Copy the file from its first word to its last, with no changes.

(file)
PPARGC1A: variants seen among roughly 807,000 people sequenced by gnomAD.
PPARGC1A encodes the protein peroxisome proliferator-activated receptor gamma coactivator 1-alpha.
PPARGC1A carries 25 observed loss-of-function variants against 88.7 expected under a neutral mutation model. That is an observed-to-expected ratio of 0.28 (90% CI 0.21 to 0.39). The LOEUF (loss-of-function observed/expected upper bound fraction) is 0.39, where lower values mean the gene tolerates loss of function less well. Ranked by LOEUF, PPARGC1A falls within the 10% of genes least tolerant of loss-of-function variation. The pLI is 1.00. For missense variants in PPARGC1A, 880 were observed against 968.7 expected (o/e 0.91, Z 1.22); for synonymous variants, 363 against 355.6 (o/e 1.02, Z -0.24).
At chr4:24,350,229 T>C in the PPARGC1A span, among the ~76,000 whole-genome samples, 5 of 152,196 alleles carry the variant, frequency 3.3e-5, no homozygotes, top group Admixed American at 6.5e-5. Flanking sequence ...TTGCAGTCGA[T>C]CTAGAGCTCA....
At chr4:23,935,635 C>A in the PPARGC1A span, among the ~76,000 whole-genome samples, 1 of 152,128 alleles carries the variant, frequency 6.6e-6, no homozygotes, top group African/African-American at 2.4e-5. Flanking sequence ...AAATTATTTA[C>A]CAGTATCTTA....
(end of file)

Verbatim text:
PPARGC1A: variants seen among roughly 807,000 people sequenced by gnomAD.
PPARGC1A encodes the protein peroxisome proliferator-activated receptor gamma coactivator 1-alpha.
PPARGC1A carries 25 observed loss-of-function variants against 88.7 expected under a neutral mutation model. That is an observed-to-expected ratio of 0.28 (90% CI 0.21 to 0.39). The LOEUF (loss-of-function observed/expected upper bound fraction) is 0.39, where lower values mean the gene tolerates loss of function less well. Ranked by LOEUF, PPARGC1A falls within the 10% of genes least tolerant of loss-of-function variation. The pLI is 1.00. For missense variants in PPARGC1A, 880 were observed against 968.7 expected (o/e 0.91, Z 1.22); for synonymous variants, 363 against 355.6 (o/e 1.02, Z -0.24).
At chr4:24,350,229 T>C in the PPARGC1A span, among the ~76,000 whole-genome samples, 5 of 152,196 alleles carry the variant, frequency 3.3e-5, no homozygotes, top group Admixed American at 6.5e-5. Flanking sequence ...TTGCAGTCGA[T>C]CTAGAGCTCA....
At chr4:23,935,635 C>A in the PPARGC1A span, among the ~76,000 whole-genome samples, 1 of 152,128 alleles carries the variant, frequency 6.6e-6, no homozygotes, top group African/African-American at 2.4e-5. Flanking sequence ...AAATTATTTA[C>A]CAGTATCTTA....